The lease option agreement will memorialize the partnership to redevelop Pawtucket’s riverfront, say the parties. From a real estate and investment perspective, site control is necessary to finalize investment agreements, as well as move forward with construction plans.

Next steps include finalizing a land lease agreement with National Grid, preparing a Tax Increment Financing project plan with the state, city and Fortuitous, the city adopting a TIF ordinance, finalizing a master development agreement, the city presenting and adopting zoning amendments, and city board approving a development plan.

“We are excited that the Fortuitous Group remains committed to this new opportunity for Pawtucket, the Blackstone Valley and Rhode Island to provide a sense of place, activity, jobs and focus throughout this development project,” said Mayor Donald Grebien in a statement. “During these different times, everyone has worked collaboratively and balanced their responsibilities. I can’t thank enough the State through CommerceRI, the Pawtucket City Council, Pawtucket Redevelopment Agency and Fortuitous for their unwavering support to ensure this development happens.”

Grebien said he continues to be appreciative of the level of work ethic, commitment, and collaboration from everyone.

“Due to their efforts, we remain ahead of schedule,” he said. “I especially thank the City Council for their leadership and focus on this critical project.”

It is clear as the city finalizes lease agreements with Fortuitous that everyone continues to stand behind the project, said Grebien.

“We continue to do our best to move forward even amid the coronavirus pandemic. This is a $400 million investment that will redevelop our waterfront and downtown for decades to come,” he said.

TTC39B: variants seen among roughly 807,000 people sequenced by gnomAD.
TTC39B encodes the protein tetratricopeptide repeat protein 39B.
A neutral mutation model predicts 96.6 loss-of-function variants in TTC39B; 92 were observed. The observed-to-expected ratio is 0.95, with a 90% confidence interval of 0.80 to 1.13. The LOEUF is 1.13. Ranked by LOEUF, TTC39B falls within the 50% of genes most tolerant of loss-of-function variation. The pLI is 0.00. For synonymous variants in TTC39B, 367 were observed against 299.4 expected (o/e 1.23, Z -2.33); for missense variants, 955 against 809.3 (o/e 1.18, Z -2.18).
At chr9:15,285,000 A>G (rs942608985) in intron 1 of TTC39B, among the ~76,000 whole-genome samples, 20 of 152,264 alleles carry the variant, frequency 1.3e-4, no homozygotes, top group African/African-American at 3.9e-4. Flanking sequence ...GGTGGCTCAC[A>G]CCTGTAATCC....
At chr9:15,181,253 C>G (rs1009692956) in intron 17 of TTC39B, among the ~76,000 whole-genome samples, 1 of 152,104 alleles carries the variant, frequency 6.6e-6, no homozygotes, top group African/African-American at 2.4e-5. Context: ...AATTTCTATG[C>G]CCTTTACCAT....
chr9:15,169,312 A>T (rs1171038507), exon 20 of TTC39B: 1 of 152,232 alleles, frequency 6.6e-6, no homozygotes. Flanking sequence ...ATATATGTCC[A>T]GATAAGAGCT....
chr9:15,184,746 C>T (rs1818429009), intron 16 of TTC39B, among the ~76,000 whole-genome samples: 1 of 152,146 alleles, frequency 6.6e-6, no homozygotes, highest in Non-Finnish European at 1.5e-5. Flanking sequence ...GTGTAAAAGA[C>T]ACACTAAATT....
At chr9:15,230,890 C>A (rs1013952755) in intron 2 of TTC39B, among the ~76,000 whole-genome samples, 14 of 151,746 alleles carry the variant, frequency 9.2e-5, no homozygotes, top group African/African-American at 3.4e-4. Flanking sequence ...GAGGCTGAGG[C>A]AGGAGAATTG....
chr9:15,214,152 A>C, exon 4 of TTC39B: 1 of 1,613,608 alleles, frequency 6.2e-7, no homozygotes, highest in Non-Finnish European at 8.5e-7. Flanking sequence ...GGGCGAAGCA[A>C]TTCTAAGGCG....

Through these “extraordinary times” of the pandemic, the city has endured many challenges remains committed to all of its responsibilities, including its current needs and future plans, he said. The Tidewater Landing project will be transformative, he said.

The city has selected bond underwriters and financial consultants to help with the project (Municap and Stifle), and an owner’s representative (CBRE) to manage the development and construction of the project. CBRE has hired Pare Engineering to perform land studies assessing environmental and infrastructure needs.

Comments

Just wondering how anything can be described as "ahead of schedule" when a critical piece, in this case the 'due diligence' financing period, is about to be extended for the second time?

By definition isn't that behind schedule?

Oh well, good luck.

Schedule, we don't need no stinking schedule!!

With apologies to Mel Brooks....

Is the option to renew contingent on the city, the developers, both? Riverfront property for 100 years for free would be hard to understand the upside for the city. Maybe the lease should last as long as the assumed life of buildings on it.

The country is on the brink of a recession, or worse, a depression. Why don't they put this project aside. The investors will pull out and the city will be stuck with half demolished buildings and a treeless riverfront. Just let this project die already.